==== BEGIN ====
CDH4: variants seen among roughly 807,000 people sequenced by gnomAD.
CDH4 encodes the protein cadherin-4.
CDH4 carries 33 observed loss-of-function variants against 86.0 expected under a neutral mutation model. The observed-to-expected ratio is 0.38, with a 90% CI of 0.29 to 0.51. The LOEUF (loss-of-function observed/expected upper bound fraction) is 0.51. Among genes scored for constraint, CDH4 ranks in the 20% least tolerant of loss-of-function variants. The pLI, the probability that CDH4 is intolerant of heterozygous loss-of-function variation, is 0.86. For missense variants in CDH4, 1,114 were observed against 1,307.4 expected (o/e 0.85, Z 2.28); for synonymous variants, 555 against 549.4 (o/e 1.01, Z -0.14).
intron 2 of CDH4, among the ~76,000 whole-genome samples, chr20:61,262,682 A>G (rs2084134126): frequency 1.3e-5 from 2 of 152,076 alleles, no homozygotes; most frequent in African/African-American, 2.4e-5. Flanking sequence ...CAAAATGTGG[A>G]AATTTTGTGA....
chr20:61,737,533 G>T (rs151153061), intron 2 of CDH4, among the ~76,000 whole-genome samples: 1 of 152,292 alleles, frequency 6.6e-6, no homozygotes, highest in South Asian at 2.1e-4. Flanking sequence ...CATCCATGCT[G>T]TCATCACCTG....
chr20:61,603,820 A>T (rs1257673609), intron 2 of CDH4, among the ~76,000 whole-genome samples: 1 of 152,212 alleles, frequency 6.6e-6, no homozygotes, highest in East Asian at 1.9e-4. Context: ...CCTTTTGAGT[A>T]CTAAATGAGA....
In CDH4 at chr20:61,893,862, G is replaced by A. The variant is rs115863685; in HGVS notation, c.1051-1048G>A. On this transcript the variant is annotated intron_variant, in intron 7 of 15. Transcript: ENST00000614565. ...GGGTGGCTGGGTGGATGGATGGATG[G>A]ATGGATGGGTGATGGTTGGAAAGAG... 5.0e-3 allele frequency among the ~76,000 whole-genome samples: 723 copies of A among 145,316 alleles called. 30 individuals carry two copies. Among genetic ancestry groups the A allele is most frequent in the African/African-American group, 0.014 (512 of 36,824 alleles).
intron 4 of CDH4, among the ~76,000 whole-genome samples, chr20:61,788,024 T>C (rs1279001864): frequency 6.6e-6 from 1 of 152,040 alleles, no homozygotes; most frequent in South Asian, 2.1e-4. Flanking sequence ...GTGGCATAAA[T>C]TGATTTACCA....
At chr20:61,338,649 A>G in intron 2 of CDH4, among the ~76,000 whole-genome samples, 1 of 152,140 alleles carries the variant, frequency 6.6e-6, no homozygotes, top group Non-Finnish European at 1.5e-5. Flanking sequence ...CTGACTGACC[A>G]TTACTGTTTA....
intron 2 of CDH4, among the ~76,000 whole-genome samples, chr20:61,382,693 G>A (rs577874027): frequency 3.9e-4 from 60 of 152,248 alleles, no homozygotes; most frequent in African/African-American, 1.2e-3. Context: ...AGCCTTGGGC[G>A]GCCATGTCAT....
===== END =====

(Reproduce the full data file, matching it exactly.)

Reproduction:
CDH4: variants seen among roughly 807,000 people sequenced by gnomAD.
CDH4 encodes the protein cadherin-4.
CDH4 carries 33 observed loss-of-function variants against 86.0 expected under a neutral mutation model. The observed-to-expected ratio is 0.38, with a 90% CI of 0.29 to 0.51. The LOEUF (loss-of-function observed/expected upper bound fraction) is 0.51. Among genes scored for constraint, CDH4 ranks in the 20% least tolerant of loss-of-function variants. The pLI, the probability that CDH4 is intolerant of heterozygous loss-of-function variation, is 0.86. For missense variants in CDH4, 1,114 were observed against 1,307.4 expected (o/e 0.85, Z 2.28); for synonymous variants, 555 against 549.4 (o/e 1.01, Z -0.14).
intron 2 of CDH4, among the ~76,000 whole-genome samples, chr20:61,262,682 A>G (rs2084134126): frequency 1.3e-5 from 2 of 152,076 alleles, no homozygotes; most frequent in African/African-American, 2.4e-5. Flanking sequence ...CAAAATGTGG[A>G]AATTTTGTGA....
chr20:61,737,533 G>T (rs151153061), intron 2 of CDH4, among the ~76,000 whole-genome samples: 1 of 152,292 alleles, frequency 6.6e-6, no homozygotes, highest in South Asian at 2.1e-4. Flanking sequence ...CATCCATGCT[G>T]TCATCACCTG....
chr20:61,603,820 A>T (rs1257673609), intron 2 of CDH4, among the ~76,000 whole-genome samples: 1 of 152,212 alleles, frequency 6.6e-6, no homozygotes, highest in East Asian at 1.9e-4. Context: ...CCTTTTGAGT[A>T]CTAAATGAGA....
In CDH4 at chr20:61,893,862, G is replaced by A. The variant is rs115863685; in HGVS notation, c.1051-1048G>A. On this transcript the variant is annotated intron_variant, in intron 7 of 15. Transcript: ENST00000614565. ...GGGTGGCTGGGTGGATGGATGGATG[G>A]ATGGATGGGTGATGGTTGGAAAGAG... 5.0e-3 allele frequency among the ~76,000 whole-genome samples: 723 copies of A among 145,316 alleles called. 30 individuals carry two copies. Among genetic ancestry groups the A allele is most frequent in the African/African-American group, 0.014 (512 of 36,824 alleles).
intron 4 of CDH4, among the ~76,000 whole-genome samples, chr20:61,788,024 T>C (rs1279001864): frequency 6.6e-6 from 1 of 152,040 alleles, no homozygotes; most frequent in South Asian, 2.1e-4. Flanking sequence ...GTGGCATAAA[T>C]TGATTTACCA....
At chr20:61,338,649 A>G in intron 2 of CDH4, among the ~76,000 whole-genome samples, 1 of 152,140 alleles carries the variant, frequency 6.6e-6, no homozygotes, top group Non-Finnish European at 1.5e-5. Flanking sequence ...CTGACTGACC[A>G]TTACTGTTTA....
intron 2 of CDH4, among the ~76,000 whole-genome samples, chr20:61,382,693 G>A (rs577874027): frequency 3.9e-4 from 60 of 152,248 alleles, no homozygotes; most frequent in African/African-American, 1.2e-3. Context: ...AGCCTTGGGC[G>A]GCCATGTCAT....